The Overpass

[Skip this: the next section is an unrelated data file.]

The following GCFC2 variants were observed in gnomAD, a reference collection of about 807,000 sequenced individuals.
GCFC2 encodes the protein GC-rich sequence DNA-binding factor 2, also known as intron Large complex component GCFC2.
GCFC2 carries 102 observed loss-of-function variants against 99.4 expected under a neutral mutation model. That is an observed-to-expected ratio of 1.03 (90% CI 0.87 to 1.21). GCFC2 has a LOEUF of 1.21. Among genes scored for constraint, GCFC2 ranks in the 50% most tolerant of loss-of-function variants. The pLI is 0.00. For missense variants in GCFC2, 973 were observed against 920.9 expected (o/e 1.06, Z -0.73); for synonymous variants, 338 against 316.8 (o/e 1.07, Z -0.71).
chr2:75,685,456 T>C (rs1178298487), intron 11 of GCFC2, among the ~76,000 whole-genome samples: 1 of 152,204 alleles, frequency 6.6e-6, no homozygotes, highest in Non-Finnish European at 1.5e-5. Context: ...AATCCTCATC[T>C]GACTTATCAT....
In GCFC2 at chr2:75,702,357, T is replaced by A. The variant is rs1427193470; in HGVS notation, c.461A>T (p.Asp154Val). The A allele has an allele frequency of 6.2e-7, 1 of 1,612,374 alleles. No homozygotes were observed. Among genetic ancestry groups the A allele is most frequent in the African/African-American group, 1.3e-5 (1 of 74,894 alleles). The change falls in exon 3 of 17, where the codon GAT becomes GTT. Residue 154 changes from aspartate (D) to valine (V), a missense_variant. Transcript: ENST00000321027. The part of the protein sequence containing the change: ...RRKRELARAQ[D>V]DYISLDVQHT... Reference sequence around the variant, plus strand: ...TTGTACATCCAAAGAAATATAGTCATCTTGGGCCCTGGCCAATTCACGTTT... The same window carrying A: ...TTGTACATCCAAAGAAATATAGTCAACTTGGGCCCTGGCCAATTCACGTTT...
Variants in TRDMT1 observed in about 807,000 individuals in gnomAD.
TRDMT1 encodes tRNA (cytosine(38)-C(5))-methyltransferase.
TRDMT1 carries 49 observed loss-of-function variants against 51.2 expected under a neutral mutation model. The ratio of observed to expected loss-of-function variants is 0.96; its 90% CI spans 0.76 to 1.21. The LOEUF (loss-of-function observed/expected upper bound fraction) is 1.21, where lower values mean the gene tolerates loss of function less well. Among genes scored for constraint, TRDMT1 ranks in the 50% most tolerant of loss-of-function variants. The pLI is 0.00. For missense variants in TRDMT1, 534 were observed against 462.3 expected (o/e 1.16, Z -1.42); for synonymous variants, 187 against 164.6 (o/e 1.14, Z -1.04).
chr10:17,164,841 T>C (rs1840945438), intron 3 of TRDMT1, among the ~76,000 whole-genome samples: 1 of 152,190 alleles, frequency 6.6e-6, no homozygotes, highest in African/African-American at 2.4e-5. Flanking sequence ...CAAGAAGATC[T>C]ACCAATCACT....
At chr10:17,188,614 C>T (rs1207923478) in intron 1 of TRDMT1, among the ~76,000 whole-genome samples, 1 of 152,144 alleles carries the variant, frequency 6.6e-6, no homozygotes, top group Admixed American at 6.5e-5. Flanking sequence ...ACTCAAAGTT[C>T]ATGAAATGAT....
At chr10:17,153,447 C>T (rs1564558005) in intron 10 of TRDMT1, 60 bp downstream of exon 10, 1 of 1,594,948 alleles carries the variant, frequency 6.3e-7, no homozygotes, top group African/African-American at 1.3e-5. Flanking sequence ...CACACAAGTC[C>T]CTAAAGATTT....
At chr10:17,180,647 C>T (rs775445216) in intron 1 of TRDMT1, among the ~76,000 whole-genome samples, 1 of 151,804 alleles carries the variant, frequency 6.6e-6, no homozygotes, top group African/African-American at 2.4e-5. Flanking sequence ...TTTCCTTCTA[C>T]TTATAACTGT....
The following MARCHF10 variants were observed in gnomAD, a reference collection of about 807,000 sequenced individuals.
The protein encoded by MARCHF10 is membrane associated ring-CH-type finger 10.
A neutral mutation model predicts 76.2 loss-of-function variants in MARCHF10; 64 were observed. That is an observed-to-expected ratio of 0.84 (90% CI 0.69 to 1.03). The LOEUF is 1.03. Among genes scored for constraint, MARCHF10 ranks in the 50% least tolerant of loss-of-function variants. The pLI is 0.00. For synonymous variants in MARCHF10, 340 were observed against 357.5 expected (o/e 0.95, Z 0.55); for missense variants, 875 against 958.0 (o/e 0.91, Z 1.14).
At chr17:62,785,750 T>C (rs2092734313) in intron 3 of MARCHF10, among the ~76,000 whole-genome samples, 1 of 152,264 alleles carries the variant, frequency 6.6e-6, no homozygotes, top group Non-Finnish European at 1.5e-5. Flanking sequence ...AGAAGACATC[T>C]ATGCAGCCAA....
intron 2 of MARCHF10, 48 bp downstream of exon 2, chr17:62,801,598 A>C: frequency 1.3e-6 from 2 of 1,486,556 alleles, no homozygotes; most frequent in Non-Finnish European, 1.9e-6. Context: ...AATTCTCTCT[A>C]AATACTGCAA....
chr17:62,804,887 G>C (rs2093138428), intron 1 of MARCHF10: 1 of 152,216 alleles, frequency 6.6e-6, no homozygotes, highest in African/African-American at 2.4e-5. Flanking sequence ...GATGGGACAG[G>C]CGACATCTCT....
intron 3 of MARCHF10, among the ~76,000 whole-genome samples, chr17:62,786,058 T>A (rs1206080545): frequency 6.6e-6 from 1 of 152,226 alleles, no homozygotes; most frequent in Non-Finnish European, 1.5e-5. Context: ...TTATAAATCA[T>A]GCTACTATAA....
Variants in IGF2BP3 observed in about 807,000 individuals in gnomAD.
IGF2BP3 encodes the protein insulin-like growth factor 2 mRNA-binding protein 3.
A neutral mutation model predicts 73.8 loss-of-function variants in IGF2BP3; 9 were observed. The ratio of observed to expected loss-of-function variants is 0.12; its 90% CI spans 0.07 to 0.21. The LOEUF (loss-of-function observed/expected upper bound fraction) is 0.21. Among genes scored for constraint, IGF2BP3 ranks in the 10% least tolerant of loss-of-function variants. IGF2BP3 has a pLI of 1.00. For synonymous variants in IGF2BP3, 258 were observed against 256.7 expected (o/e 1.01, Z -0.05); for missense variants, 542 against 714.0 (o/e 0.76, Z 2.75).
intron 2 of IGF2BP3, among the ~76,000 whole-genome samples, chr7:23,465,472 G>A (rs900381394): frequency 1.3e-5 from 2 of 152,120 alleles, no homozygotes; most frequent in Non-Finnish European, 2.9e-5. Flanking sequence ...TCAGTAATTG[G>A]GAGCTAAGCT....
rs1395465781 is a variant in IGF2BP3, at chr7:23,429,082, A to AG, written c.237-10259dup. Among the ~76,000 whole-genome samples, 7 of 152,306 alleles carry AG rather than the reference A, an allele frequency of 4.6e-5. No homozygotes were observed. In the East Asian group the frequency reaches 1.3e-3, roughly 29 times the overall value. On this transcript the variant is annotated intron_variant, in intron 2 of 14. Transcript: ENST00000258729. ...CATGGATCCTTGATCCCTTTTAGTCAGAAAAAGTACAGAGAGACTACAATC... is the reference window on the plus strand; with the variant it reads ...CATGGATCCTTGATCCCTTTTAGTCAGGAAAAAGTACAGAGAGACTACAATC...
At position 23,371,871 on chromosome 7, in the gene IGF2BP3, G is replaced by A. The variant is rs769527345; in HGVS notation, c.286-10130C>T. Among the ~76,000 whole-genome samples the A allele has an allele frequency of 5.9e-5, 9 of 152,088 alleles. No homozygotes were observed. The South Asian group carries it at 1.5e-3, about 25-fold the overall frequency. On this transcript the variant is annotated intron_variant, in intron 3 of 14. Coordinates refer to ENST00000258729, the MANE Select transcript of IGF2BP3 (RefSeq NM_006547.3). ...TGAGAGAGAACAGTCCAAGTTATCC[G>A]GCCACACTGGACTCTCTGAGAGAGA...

Since the early 70s I’ve been riding out to the lakefront by way of Carrollton Avenue or Jefferson Davis Parkway, eventually connecting to Wisner Boulevard which follows Bayou St. John along the eastern edge of City Park all the way out to the lake. Along the way is the Wisner Overpass, built I guess back in the 60s and named, like the boulevard of which it is part, for the Wisner family whose Foundation funded the original road. It originally served only to get traffic over the railroad tracks,Since the early 70s I’ve been riding out to the lakefront by way of Carrollton Avenue or Jefferson Davis Parkway, eventually connecting to Wisner Boulevard which follows Bayou St. John along the eastern edge of City Park all the way out to the lake. Along the way is the Wisner Overpass, built I guess back in the 60s and named, like the boulevard of which it is part, for the Wisner family whose Foundation funded the original road. It originally served only to get traffic over the railroad tracks, but in the early 70s the new Interstate 610 was slipped underneath it as well. I’ve probably ridden across that overpass ten thousand times, and each time I’ve wondered if that would be the time I’d crash on one of the gaping gaps in the crumbling roadbed, or get hit by a car from behind and thrown over the 2-foot high decorative aluminum railing onto Interstate 610 or the railroad tracks below. For about a year after Katrina, a large section of that little railing was missing entirely, and although it would otherwise serve as little more than a fulcrum on one’s way to certain death on the concrete below, the loss of that bit of psychological security was particularly unnerving. For at least the last 40 years the bridge has featured large gaps between the spans, which I assume had settled into their disconnected locations thanks to a somewhat inadequate foundation and the organic soil on which it was built. Anyway, it’s always been a rather uncomfortable traverse but nonetheless the best and quickest option for getting out to Lakeshore Drive. The top of the Wisner Overpass has, for the past few years, served as the finish line for the highly coveted WeMoRi King of the Mountain sprint at around 6:45 am on Wednesdays.  Well, those days are likely over now. The bridge is scheduled for demolition and replacement, and the official start date for the traffic detours was today. So during the cool-down lap of yesterday’s WeMoRi a few of us risked life and limb, stopping at the top of the still-open bridge, for a little group photo to commemorate the event. The new bridge isn’t scheduled to be completed for a year and a half, which seems rather ridiculous to me, but I guess you get what you pay for. Yesterday I went out to meet the WeMoRi, riding all the way out to Elysian Fields without seeing the group, then doing a loop around the fountain, and riding slowly back down Lakeshore Drive.  It wasn’t until I was nearly at Marconi that I finally saw the approaching headlights. Apparently it was a slow morning. The pace remained relatively easy until we got close to the overpass where a few riders were intent on claiming the final WeMoRi KOM. Otherwise, the ride was a bit easier than usual.  I stopped for quite a while at Starbucks with Brian afterward.  Back at work, we had a special meeting with all of the Development office staff, precipitated by the announcement by our Senior VP that she would be resigning effective June 30. She’s been at the university for at least 30 years.  That kind of comes on the heels of impending departures by our CFO who has likewise been here practically forever, and our Provost, along with who knows how many other senior staff members lured away by the current “voluntary separation” program aimed at reducing the deficit. I find it all rather troubling. This morning I met up with the usual group, plus a new rider, Joost, who recently moved here from California and is originally from The Netherlands. The ride was fairly civilized and the weather was warm enough for shorts. We rode along the lake, which had barely a ripple in it, and out to the Metairie bike path, where a gap started to grow right in the middle of the group. As we approached Causeway my inner alarm bells started ringing as the gap reached the point at which closing it could present a problem.  I went to the front and closed it up at around 26 mph before any more damage could be done. I think that’s where we lost Joost. Of course the pace picked up a bit along the lake but never got really out of hand, so it was basically just a typical Thursday morning group ride today.

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